Health care signs with universal symbols can be an important tool in increasing access to a facility's services. Over recent decades, as the issue of access has gained increasing attention, facility managers have adopted strategies such as retaining language interpreters on staff or on call, and publishing materials in multiple languages. In the last half dozen years, the Robert Wood Johnson Foundation has made a set of icons available that promise to ameliorate the problem as well. Of course, as with any design challenge, health care signs with universal symbols must be crafted to maximize their effectiveness. It is crucial that such materials be applied with a clear understanding of the institution's individual circumstances. An experienced signage developer can be very helpful in this process.
The glossary of visual icons for health care signs with universal symbols consists of 54 symbols, covering the vast majority of activities that visitors and staff will encounter in any facility. They were developed over a period of years, with the help of test subjects who are speakers of a variety of languages and come from a stunning range of cultural backgrounds. This was a crucial feature of the Robert Wood Johnson Foundation development process, because health care signs with universal symbols will be read by folks whose preconceptions of what constitutes a chapel, for example, or a bathroom, to use another example, could be radically different from visitor to visitor. Each symbol was put through at least three stages of testing, presenting a menu of alternatives. From these, testers could choose the one that that they perceived as most clearly expressing the term being evaluated, whether "Chapel", or "Ophthalmology", or one of the other several dozen possible departments and activity centers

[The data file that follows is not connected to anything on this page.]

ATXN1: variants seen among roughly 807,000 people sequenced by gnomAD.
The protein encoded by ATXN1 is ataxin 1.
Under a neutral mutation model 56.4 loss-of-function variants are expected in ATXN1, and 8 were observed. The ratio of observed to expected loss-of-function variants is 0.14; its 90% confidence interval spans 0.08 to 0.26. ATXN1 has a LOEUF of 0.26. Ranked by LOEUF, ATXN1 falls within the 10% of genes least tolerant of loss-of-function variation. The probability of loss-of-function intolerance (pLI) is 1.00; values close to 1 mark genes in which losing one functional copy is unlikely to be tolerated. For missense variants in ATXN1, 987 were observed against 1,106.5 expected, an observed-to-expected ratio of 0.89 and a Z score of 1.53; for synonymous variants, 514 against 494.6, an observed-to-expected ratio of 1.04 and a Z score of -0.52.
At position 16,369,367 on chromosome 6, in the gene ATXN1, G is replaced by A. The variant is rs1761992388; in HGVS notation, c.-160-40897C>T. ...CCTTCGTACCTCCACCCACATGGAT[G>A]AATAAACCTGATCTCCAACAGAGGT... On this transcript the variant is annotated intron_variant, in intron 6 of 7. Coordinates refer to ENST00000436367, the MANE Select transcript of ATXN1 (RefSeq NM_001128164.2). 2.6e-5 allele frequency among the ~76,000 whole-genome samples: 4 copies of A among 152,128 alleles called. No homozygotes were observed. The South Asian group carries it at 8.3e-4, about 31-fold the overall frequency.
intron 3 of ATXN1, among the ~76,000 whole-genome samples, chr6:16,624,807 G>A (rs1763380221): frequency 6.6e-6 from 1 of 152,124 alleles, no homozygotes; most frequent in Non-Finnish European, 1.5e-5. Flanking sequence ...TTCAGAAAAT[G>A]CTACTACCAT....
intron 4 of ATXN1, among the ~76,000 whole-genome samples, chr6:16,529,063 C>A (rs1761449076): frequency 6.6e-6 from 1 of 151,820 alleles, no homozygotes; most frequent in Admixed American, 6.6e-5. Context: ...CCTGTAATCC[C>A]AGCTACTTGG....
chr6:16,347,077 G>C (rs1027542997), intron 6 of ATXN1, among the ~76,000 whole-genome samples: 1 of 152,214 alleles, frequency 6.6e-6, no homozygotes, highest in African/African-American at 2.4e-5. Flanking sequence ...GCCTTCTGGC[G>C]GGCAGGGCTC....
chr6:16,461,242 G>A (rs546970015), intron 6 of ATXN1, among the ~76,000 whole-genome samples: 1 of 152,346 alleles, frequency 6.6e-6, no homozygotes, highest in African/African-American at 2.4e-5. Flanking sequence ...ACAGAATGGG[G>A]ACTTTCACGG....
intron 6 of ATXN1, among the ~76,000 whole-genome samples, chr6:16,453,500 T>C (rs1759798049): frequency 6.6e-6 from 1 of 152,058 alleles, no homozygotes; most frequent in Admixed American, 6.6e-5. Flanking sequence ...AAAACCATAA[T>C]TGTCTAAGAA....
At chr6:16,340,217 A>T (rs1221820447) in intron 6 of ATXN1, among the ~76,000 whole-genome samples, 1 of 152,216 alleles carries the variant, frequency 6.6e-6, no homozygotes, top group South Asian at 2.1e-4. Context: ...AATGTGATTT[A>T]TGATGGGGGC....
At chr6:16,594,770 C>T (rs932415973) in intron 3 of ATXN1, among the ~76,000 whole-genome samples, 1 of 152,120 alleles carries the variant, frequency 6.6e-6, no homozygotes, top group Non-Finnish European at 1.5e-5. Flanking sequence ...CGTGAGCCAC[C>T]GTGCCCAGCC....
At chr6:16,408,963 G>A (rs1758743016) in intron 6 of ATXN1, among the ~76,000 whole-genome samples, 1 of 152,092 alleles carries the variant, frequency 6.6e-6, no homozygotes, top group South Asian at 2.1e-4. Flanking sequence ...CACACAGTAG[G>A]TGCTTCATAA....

In order to create a system of health care signs with universal symbols the facility should first test and document how visitors find their way (or fail to) with current signage, printed materials, and other cues. This should be followed by interviews with staff and visitors of as many categories as possible, to determine their impression of the way-finding system that is in place already, no matter how rudimentary. The feedback about the experience of users of the facility, gleaned from these interviews, should be analyzed to discover where the potential points of confusion are.
The system of health care signs with universal symbols, along with other materials such as brochures, flyers, as well as wall and floor color cues, that results from these investigations needs careful and thoughtful attention to correct installation. Size, placement, color, saturation, lighting, supplemental text, and other factors can affect the way that any sign, including health care signs with universal symbols, impact the viewer. A firm that has specialized experience and competencies in advising health care facilities on such issues is the best choice, especially if the facility does not have a fully staffed department to deal with signage matters.
A well-thought out system of health care signs with universal symbols will welcome all to the facility, no matter their background. It reaches out to all who enter, and indicates the institution's willingness to be truly there for all members of their community. It demonstrates a commitment to access for everyone that cannot help augment institutional success.